If you are having trouble paying your bills, your instinct may be to consider bankruptcy. Before you jump the gun, you should plan your strategy. This includes finding the right bankruptcy attorney to help you determine which type of bankruptcy best suits your scenario, what time frame you should be operating on, and making sure you do not inadvertently commit bankruptcy mistakes that could jeopardize your case.
If you haven’t committed any of these bankruptcy “don’ts”, you may be ready to discuss getting a fresh financial start with a bankruptcy lawyer.
Don’t Pick the Wrong Time to File
You can pick the wrong time to file. First, technically, you can only file Chapter 7 every eight years or six years after you filed Chapter 13. You can file Chapter 13 every two years or four years after a Chapter 7. But this doesn’t mean you should to wait too long if you are in trouble. If a creditor is filing a lawsuit against you, you may want to file as soon as possible. The bankruptcy starts an automatic stay, which means that creditors cannot continue collections, nor can they file a new lawsuit. If a lawsuit to recover money is in progress, forward progress on the case must stop. It can be harder to get rid of a judgment, particularly if you own real estate, so you may want to stop collection lawsuits before the case finishes and you receive a judgment.
Second, there may be a specifically advantageous time to file bankruptcy if you owe older taxes, have a unfavorable car loan, or have had a period of time with a loss of income. These planning issues are all things that a bankruptcy attorney can advise you on after a full consultation.
Do Not Choose File Under the Wrong Chapter
You can file Chapter 7, which is called a liquidation, or Chapter 13, which is a reorganization. However, there are at least three different calculations you want to have done before choosing. You must pass a “means test” to determine what your gross income over the last 6 months will allow you to qualify for. There is also a budgeting calculation that determines what is appropriate for you. And lastly, there is an asset and exemption calculation. Failure to file the proper chapter after doing these calculations can lead to a sale of your property by a trustee or a motion to dismiss for abuse. A bankruptcy attorney can help you determine which bankruptcy is best for your situation.
Do Not Provide Incorrect Information
When a bankruptcy lawyer prepares your bankruptcy filing, make sure you check it over before they file on your behalf. If you provide incorrect information, whether by accident or omission, and the court finds out, your case can be dismissed. The trustee, the court, or creditors could accuse you of fraud, which carries a steep penalty in a federal court of up to $250,000 in fines, 20 years in prison, or both.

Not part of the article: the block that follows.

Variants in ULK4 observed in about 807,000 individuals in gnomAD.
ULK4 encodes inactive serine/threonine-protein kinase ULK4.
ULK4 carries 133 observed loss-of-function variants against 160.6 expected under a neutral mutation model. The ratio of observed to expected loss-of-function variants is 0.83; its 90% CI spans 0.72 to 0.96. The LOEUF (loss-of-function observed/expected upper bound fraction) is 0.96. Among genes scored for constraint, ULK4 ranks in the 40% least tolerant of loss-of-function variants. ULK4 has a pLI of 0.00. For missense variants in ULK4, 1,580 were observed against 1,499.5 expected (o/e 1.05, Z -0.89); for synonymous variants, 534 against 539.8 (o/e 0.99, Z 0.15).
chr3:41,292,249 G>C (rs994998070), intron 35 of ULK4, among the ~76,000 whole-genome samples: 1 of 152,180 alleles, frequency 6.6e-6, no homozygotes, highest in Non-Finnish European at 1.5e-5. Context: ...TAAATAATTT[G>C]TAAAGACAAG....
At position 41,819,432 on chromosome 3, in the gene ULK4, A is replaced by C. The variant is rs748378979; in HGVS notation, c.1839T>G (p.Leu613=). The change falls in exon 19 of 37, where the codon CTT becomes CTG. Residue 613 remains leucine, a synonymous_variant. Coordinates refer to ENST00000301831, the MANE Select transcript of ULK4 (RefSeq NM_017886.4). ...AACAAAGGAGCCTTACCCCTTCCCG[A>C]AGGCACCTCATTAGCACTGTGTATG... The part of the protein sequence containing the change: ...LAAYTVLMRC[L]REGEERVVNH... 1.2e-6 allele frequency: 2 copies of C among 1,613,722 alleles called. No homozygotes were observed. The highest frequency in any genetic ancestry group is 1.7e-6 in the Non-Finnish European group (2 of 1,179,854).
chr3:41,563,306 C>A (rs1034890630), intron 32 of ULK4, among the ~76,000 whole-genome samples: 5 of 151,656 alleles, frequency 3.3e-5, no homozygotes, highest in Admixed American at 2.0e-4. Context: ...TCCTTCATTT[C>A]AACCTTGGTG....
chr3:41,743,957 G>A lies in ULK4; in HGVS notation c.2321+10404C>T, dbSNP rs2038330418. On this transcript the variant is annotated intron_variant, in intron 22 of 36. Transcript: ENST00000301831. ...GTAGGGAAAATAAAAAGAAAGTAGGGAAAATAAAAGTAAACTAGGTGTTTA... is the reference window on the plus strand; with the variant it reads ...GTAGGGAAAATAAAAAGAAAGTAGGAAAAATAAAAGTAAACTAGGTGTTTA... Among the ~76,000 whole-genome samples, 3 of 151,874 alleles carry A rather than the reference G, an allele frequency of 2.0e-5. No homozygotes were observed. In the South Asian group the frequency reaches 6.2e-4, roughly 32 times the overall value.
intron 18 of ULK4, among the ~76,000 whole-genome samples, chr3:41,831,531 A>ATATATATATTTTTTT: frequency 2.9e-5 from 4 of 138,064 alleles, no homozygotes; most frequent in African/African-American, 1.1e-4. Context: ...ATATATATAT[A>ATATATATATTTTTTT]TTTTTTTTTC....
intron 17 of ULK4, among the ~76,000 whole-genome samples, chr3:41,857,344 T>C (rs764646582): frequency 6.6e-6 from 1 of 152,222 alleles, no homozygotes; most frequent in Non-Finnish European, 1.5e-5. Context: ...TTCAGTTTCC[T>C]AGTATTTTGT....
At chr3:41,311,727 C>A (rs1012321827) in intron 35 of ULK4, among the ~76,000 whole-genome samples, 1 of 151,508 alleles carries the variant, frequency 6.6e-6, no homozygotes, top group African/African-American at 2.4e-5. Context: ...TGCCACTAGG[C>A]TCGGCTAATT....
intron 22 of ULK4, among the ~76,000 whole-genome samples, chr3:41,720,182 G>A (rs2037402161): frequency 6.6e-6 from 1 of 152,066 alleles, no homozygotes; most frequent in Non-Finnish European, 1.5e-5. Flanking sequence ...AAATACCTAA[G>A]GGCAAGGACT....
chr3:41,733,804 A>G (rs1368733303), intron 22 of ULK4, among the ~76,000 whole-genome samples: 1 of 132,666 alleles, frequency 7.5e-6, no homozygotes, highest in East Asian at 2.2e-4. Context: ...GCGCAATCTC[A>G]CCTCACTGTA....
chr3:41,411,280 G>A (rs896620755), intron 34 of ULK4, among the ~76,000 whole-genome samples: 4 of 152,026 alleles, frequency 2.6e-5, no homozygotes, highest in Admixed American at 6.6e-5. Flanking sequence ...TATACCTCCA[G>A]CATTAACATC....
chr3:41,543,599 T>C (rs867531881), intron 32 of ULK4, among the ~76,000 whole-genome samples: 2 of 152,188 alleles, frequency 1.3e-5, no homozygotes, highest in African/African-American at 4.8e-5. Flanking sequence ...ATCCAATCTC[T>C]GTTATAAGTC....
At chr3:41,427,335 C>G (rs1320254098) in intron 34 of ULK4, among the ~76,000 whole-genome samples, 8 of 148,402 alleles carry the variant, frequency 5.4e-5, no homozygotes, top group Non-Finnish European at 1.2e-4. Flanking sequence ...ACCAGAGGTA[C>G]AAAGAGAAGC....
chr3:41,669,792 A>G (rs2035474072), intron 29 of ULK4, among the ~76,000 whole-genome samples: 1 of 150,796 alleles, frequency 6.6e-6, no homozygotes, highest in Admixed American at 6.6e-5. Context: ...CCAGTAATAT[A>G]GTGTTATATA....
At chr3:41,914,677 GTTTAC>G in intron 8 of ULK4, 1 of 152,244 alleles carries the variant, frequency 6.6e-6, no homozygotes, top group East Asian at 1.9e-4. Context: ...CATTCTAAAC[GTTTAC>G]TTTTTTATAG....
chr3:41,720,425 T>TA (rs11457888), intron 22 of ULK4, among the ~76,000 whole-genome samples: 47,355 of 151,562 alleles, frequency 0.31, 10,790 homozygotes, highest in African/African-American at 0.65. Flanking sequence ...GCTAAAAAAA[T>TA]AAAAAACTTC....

Do Not Create New Debt or Move Assets
If you know you are going to file for bankruptcy, do not create new debt within 90 days of filing or move assets through transfer or sale. If you create new debt, creditors might object to your bankruptcy discharge and ask the court to charge you with “presumptive fraud” for these transactions, and you might have to pay them all back. A transfer of assets can be undone for a period of 1 year, 2 years and even up to 4 years depending on very specific factual circumstances. You and/or your transferees (particularly if they are family members) can lose the property altogether to the Trustee in bankruptcy, and it could also lead to a denial of discharge and the implementation of criminal penalties.
Contact a Bankruptcy Attorney
Although you can file for bankruptcy on your own, it is a complex process. Not consulting an attorney to help you determine the right approach for your situation and time to take advantage of your circumstances could get you into trouble. Instead of saving money, you could end up costing yourself much more. An experienced bankruptcy lawyer will help you understand your rights, know what to expect and ensure that you have a knowledgeable advocate by your side throughout the process.
If you are ready to regain control of debt and discuss your options, contact bankruptcy lawyer Tracy Updike at Mette, Evans, & Woodside for a judgment-free consultation.